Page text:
After Shots: Final impressions and reflections from the range session.
My Range Experience quickly reminded me that it had been a while since I've shot a 5", steel-framed 45acp 1911. After so much time with lightweight, quick-cycling 9mm polymer guns I had to relearn how to properly control the "shook-chook" of a classic gun design. Additionally, because I hadn't shot 45acp in a while, and haven't shot many different range loads I have no idea if the Idaho Ordnance ammo I was using was particularly hot or weak.
The magazine test proved worthwhile, it seems this pistol did not like the Wilson Combat magazine I have and that the magwell may prevent some sleeved magazines from working. There were a couple of loads the pistol may not like (remember the WFD test is just an indicator, not a hard rule), but overall the Night Stalker was nice shooting. Those slick grip pannels (easily swapped ) have a geometric shape that fit my hands perfectly, but I'm not sure if the slickness is a positive trait. It was a hot day and so my hands were sweaty, all traction had to come from the front and backstrap. We did find some potentcial sensitivity to hollow points, but that's pretty standard with 45acp 1911s. You just have to find what works for you.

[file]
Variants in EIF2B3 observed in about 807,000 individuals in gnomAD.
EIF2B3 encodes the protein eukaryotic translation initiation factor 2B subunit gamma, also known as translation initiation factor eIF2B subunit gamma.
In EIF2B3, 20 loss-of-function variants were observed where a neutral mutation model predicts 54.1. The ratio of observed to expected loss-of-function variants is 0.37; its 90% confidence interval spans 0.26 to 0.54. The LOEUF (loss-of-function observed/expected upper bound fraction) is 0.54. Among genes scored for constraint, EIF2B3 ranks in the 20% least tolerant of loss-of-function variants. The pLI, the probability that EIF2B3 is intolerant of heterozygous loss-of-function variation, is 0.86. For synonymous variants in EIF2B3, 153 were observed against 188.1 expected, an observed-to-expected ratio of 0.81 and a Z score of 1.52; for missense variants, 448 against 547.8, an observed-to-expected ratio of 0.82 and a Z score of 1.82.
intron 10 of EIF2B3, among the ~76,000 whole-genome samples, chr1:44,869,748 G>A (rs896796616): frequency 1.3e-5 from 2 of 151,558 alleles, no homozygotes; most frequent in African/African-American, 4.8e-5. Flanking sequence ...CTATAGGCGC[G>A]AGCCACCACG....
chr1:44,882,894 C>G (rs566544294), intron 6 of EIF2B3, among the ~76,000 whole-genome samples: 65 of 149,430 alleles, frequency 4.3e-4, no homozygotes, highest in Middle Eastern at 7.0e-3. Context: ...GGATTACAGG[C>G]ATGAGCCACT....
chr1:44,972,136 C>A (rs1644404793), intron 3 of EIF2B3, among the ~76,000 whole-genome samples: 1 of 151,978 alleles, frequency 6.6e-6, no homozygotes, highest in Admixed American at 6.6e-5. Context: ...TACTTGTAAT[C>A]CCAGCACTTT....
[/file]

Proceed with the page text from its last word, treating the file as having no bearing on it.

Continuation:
If this had been available at this price when I bought my first 1911 in 2004, I would have grabbed the Night Stalker. In today's market the Night Stalker offers even more value. You'd be hard pressed to find a better-appointed gun at this price point, and other guns wtih these features cost considerably more. What quirks I did experience are pretty much the norm for a 45acp 1911 and although not ideal, acceptable for the Night Stalker. A final note to any considering the Night Stalker is the Cerakote. As with any gun, if Cerakote is on the rails it will slow the slide travel and give a bit of a sludgy feel. This is not permanent and will smoothen over time the more the gun is fired. Just that little bit of slide velocity may even make the difference between some ammo working or not. We'll revisit this pistol later on and see if performance has improved.